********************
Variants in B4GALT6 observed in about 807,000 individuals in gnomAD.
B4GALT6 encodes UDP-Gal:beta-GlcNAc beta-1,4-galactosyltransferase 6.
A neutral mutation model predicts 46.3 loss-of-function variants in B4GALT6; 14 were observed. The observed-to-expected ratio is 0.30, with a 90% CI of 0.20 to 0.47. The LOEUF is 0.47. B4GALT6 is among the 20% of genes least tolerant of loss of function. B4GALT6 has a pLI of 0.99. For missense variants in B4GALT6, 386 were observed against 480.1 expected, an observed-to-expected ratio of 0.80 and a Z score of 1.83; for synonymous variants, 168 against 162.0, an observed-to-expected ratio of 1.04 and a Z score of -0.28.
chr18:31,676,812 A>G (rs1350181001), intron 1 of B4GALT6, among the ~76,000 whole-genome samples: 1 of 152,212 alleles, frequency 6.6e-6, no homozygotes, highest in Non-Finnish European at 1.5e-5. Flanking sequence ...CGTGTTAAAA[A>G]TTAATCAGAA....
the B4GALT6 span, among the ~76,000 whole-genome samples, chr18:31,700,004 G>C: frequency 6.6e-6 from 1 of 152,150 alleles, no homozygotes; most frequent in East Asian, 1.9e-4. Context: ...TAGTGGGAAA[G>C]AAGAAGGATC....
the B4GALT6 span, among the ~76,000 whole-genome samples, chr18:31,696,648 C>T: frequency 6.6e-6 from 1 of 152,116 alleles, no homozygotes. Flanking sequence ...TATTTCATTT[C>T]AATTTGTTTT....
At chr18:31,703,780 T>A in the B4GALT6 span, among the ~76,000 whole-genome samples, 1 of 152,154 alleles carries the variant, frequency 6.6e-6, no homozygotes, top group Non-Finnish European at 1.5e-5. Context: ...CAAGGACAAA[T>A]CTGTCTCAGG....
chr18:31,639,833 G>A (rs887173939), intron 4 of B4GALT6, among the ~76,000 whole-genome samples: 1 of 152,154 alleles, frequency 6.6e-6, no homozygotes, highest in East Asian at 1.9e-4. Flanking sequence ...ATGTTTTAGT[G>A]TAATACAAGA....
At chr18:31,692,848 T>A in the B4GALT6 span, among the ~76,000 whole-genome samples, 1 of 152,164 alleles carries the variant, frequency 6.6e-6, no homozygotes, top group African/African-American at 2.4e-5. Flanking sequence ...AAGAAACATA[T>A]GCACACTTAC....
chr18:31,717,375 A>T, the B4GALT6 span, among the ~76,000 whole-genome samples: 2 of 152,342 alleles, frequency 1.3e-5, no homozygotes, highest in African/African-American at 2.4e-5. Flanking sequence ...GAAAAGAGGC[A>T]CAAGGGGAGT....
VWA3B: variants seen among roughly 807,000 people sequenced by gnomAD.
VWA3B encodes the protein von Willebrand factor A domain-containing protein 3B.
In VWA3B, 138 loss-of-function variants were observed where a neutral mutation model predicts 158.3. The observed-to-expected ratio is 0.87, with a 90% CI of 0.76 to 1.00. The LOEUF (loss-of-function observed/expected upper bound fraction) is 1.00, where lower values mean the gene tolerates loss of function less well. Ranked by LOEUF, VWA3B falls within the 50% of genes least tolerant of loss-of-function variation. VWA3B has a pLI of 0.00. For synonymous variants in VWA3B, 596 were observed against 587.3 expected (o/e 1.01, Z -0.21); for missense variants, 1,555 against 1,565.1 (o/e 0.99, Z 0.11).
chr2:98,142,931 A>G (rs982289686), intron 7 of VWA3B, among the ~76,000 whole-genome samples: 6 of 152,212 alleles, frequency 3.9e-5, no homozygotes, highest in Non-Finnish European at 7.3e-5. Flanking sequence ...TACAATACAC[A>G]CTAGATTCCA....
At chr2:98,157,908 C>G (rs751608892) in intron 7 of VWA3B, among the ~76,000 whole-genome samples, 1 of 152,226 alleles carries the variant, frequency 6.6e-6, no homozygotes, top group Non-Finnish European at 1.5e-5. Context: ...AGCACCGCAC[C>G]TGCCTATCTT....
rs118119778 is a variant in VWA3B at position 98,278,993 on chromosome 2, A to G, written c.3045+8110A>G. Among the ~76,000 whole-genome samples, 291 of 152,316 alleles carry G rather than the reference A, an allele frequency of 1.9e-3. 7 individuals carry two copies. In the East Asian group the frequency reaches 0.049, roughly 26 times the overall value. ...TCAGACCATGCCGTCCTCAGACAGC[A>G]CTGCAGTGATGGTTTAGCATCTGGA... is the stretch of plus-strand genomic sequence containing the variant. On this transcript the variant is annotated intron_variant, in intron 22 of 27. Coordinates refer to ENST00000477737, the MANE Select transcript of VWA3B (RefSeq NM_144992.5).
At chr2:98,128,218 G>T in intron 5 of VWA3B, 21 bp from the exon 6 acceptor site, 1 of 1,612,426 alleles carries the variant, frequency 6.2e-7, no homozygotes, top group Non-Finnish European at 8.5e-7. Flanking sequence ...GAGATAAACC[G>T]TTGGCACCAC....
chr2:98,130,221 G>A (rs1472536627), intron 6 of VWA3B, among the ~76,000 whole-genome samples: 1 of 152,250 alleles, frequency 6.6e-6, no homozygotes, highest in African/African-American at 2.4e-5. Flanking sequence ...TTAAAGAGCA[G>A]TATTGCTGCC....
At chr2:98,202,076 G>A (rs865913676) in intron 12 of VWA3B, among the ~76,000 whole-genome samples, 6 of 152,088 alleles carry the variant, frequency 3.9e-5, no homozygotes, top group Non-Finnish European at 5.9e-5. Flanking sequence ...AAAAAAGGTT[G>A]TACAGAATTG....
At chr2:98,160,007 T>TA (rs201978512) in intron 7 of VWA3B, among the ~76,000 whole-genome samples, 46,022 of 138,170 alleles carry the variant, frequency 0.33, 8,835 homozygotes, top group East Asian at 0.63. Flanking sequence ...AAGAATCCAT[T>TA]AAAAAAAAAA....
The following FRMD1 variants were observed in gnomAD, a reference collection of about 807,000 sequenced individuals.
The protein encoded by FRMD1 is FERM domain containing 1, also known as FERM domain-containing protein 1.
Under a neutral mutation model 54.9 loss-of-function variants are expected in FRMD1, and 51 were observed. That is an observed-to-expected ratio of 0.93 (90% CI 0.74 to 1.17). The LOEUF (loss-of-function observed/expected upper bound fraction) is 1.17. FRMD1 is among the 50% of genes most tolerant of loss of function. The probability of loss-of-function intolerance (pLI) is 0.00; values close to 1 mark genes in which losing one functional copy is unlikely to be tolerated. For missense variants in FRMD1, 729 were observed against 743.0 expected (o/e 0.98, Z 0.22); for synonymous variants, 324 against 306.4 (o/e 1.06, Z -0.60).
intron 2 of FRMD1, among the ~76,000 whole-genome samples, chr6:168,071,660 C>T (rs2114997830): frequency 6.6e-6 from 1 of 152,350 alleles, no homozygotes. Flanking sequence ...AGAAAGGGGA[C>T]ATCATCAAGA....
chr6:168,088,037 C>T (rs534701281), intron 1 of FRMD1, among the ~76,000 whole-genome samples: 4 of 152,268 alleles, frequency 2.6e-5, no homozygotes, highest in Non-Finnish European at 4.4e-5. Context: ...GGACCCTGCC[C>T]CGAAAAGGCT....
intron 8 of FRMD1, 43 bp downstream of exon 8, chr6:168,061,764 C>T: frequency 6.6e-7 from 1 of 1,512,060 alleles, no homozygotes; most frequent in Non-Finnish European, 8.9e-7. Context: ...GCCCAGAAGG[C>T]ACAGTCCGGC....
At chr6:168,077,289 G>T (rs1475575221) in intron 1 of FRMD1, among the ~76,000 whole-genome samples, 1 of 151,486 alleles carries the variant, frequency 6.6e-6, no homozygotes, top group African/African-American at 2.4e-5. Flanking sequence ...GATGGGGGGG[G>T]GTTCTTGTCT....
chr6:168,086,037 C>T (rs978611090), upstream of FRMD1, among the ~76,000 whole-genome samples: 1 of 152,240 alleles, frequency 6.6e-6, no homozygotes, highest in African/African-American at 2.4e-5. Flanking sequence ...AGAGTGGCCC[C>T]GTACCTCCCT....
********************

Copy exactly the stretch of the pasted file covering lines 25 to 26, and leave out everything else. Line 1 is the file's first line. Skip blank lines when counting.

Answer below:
chr6:168,088,037 C>T (rs534701281), intron 1 of FRMD1, among the ~76,000 whole-genome samples: 4 of 152,268 alleles, frequency 2.6e-5, no homozygotes, highest in Non-Finnish European at 4.4e-5. Context: ...GGACCCTGCC[C>T]CGAAAAGGCT....
intron 8 of FRMD1, 43 bp downstream of exon 8, chr6:168,061,764 C>T: frequency 6.6e-7 from 1 of 1,512,060 alleles, no homozygotes; most frequent in Non-Finnish European, 8.9e-7. Context: ...GCCCAGAAGG[C>T]ACAGTCCGGC....